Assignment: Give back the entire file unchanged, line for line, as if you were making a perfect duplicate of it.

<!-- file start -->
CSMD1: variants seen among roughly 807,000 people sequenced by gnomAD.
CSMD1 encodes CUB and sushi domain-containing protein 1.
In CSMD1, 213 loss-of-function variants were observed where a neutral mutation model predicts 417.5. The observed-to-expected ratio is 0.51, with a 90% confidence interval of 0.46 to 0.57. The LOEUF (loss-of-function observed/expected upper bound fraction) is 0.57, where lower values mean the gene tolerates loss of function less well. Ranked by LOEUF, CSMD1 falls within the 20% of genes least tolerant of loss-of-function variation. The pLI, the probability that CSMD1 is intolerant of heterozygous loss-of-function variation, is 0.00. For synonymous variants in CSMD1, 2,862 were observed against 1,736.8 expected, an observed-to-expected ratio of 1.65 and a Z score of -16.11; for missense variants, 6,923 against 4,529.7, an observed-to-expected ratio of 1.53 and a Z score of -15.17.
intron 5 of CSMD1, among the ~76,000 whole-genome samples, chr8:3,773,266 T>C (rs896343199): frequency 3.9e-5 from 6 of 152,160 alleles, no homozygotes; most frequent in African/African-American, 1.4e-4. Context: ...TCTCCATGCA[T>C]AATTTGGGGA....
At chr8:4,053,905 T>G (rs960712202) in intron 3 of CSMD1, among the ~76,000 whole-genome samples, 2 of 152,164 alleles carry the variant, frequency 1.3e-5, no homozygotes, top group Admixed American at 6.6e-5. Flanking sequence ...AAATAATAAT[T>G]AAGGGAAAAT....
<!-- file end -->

CSMD1: variants seen among roughly 807,000 people sequenced by gnomAD.
CSMD1 encodes CUB and sushi domain-containing protein 1.
In CSMD1, 213 loss-of-function variants were observed where a neutral mutation model predicts 417.5. The observed-to-expected ratio is 0.51, with a 90% confidence interval of 0.46 to 0.57. The LOEUF (loss-of-function observed/expected upper bound fraction) is 0.57, where lower values mean the gene tolerates loss of function less well. Ranked by LOEUF, CSMD1 falls within the 20% of genes least tolerant of loss-of-function variation. The pLI, the probability that CSMD1 is intolerant of heterozygous loss-of-function variation, is 0.00. For synonymous variants in CSMD1, 2,862 were observed against 1,736.8 expected, an observed-to-expected ratio of 1.65 and a Z score of -16.11; for missense variants, 6,923 against 4,529.7, an observed-to-expected ratio of 1.53 and a Z score of -15.17.
intron 5 of CSMD1, among the ~76,000 whole-genome samples, chr8:3,773,266 T>C (rs896343199): frequency 3.9e-5 from 6 of 152,160 alleles, no homozygotes; most frequent in African/African-American, 1.4e-4. Context: ...TCTCCATGCA[T>C]AATTTGGGGA....
At chr8:4,053,905 T>G (rs960712202) in intron 3 of CSMD1, among the ~76,000 whole-genome samples, 2 of 152,164 alleles carry the variant, frequency 1.3e-5, no homozygotes, top group Admixed American at 6.6e-5. Flanking sequence ...AAATAATAAT[T>G]AAGGGAAAAT....